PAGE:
By Jim Sobeck
I think most businesspeople are in agreement that high customer satisfaction leads to high profits and low customer satisfaction leads to bankruptcy court. When I bought my current company in 2001, I commissioned a customer satisfaction survey so I would have a baseline to measure whether customer satisfaction increased or decreased on my watch.
The internet was in its infancy then, and the vast majority of our customers didn’t use the internet or e-mail, so I commissioned a market research firm to do a customer satisfaction survey. The survey was conducted via mail with follow-up calls over the phone to people who didn’t respond to the mail survey. The survey took a couple of months from conception to completion and cost almost $5,000.
When we got the results, we were happy with what we saw, but some of the results were open to interpretation. This caused me to want to do a simpler, faster and less expensive survey. As time passed and more of our customers used the internet, we moved to an internet-based customer satisfaction survey using www.surveymonkey.com. This was much less expensive as we were able to draft the questions ourselves and send the survey to our customers via e-mail. Survey Monkey compiled the answers, and within a week we had the results, and at a fraction of the cost of the old-fashioned way.
About 13 years ago when we were doing our corporate rebranding, the branding firm we used, Brains on Fire (www.brainsonfire.com), told us about the net promoter score. If you aren’t familiar with it, I think it’s brilliant in its simplicity. The survey consists of just one question: “Would you recommend our company to a similar company or a colleague?” The theory is that if a high percentage of your customers answer “yes” you have high customer satisfaction, and if they answer “no” you have low customer satisfaction. Also, when your customers see that the survey consists of only one question that can be answered in 5 seconds or less, you tend to get a higher participation rate versus a survey that takes 15 or 20 minutes to complete.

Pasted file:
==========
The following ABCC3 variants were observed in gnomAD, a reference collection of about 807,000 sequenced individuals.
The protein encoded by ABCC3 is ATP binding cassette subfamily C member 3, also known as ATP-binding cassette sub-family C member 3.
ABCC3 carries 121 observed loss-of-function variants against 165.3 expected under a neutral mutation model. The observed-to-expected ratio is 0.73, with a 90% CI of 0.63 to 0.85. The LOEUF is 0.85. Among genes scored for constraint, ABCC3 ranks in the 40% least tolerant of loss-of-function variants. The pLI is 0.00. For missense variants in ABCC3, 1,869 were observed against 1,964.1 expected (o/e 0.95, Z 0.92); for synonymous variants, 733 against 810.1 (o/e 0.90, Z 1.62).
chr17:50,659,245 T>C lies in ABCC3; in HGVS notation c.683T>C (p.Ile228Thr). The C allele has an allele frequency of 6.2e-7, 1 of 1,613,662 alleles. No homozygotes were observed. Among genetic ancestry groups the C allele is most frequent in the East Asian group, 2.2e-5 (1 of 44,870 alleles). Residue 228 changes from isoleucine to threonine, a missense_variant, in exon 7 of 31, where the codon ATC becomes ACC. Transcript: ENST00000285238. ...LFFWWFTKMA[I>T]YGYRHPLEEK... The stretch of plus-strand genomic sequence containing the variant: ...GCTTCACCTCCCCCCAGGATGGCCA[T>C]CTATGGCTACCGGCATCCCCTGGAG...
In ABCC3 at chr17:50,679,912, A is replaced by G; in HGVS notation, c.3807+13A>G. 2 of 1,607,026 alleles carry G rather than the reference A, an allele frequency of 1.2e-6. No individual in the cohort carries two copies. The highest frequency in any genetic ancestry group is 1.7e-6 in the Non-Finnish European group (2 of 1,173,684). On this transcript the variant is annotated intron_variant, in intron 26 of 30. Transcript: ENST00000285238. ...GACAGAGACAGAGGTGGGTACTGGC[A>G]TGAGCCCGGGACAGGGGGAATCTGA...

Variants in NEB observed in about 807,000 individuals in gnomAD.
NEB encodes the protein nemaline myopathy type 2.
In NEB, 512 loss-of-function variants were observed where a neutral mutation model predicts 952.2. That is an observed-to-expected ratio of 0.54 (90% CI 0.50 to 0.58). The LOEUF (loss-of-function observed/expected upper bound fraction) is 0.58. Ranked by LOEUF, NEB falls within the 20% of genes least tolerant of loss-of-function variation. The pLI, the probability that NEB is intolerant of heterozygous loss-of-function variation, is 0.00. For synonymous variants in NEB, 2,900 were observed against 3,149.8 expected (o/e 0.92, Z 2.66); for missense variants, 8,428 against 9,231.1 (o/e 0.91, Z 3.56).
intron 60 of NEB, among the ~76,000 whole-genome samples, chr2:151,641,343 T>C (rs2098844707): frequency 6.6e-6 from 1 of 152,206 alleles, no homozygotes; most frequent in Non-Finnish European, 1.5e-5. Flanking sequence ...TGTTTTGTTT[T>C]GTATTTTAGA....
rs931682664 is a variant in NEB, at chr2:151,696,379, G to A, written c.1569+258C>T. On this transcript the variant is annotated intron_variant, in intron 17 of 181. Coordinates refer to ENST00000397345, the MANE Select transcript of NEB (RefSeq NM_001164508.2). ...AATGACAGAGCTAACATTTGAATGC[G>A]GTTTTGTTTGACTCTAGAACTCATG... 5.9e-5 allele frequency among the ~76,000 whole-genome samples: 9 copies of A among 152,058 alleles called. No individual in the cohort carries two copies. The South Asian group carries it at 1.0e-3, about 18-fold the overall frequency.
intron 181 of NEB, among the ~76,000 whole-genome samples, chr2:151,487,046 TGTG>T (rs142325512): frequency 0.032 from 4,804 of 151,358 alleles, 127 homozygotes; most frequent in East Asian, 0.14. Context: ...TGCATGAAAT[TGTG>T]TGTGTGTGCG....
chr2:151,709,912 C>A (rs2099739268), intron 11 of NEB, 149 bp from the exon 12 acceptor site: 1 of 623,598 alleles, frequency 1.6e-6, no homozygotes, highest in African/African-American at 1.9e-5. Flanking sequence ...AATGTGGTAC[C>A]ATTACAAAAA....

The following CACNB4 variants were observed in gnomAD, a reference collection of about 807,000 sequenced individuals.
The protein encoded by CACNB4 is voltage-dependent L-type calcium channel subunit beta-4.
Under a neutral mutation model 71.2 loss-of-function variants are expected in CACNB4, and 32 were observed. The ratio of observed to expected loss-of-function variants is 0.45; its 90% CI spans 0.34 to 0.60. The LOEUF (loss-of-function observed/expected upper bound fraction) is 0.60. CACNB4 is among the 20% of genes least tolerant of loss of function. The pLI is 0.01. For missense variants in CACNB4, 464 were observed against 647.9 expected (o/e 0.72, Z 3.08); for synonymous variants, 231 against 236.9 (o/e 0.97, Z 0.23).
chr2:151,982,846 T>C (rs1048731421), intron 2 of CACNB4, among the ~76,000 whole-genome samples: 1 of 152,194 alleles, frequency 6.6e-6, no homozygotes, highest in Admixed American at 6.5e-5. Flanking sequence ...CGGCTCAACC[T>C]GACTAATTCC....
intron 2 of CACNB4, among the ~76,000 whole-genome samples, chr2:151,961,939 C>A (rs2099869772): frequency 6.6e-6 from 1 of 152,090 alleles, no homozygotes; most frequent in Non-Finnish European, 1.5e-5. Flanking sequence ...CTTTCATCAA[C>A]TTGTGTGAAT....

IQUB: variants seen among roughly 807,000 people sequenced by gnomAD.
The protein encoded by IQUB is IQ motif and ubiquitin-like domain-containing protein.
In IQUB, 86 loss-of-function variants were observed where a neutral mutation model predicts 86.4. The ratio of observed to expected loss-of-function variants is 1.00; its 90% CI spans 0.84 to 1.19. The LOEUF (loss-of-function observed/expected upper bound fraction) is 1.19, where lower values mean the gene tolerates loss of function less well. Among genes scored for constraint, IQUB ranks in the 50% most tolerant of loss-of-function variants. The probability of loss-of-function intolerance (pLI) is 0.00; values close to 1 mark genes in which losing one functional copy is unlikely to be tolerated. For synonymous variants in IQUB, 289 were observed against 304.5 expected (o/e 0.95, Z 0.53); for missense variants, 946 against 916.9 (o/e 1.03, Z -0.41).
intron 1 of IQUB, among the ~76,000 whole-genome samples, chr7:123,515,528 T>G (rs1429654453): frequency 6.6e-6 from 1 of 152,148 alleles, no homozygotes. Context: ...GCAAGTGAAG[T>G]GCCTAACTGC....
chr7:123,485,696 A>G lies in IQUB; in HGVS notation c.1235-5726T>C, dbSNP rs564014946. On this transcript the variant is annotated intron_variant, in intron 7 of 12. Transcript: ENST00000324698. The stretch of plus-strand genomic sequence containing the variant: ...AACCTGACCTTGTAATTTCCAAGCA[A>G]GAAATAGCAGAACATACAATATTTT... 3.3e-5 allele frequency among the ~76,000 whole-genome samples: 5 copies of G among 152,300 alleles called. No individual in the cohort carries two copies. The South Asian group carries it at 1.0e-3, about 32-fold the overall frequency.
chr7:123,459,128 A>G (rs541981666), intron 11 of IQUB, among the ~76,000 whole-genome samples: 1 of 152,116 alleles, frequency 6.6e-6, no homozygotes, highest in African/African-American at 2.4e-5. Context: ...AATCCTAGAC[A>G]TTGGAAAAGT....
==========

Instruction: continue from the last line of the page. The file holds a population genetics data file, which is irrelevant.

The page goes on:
We now send out this one-question survey each quarter and track our results on a spreadsheet so we can compare each score to all our previous scores. Whenever we see our score has dipped, we know that we have work to do. There is also an area below this one question for customers to write in any comments or suggestions they may have. Not many of our customers write in comments, but the vast majority who do have positive comments or praise for various people within our organization. We see very few complaints.
Our most recent quarterly score was one of our best ever. Ninety three percent of our customers say they would recommend us to a similar company or a colleague. Given that, like everyone else in the construction supply industry, we have done quite a bit of belt tightening, it was gratifying to see such high customer satisfaction. That’s quite a testament to our associates, our management and our corporate culture.
If you would like to learn more about the net promoter score, go to www.netpromoter.com.
Net Promoter or Net Promoter Score is a management tool that can be used to gauge the loyalty of a firm’s customer relationships. It serves as an alternative to traditional customer satisfaction research and is claimed to be correlated with revenue growth.
Jim Sobeck is CEO of New South Construction Supply, a building products distributor based in Greenville with nine locations in the Carolinas and Georgia. He is the author of ““The Real Business 101: Lessons From the Trenches.”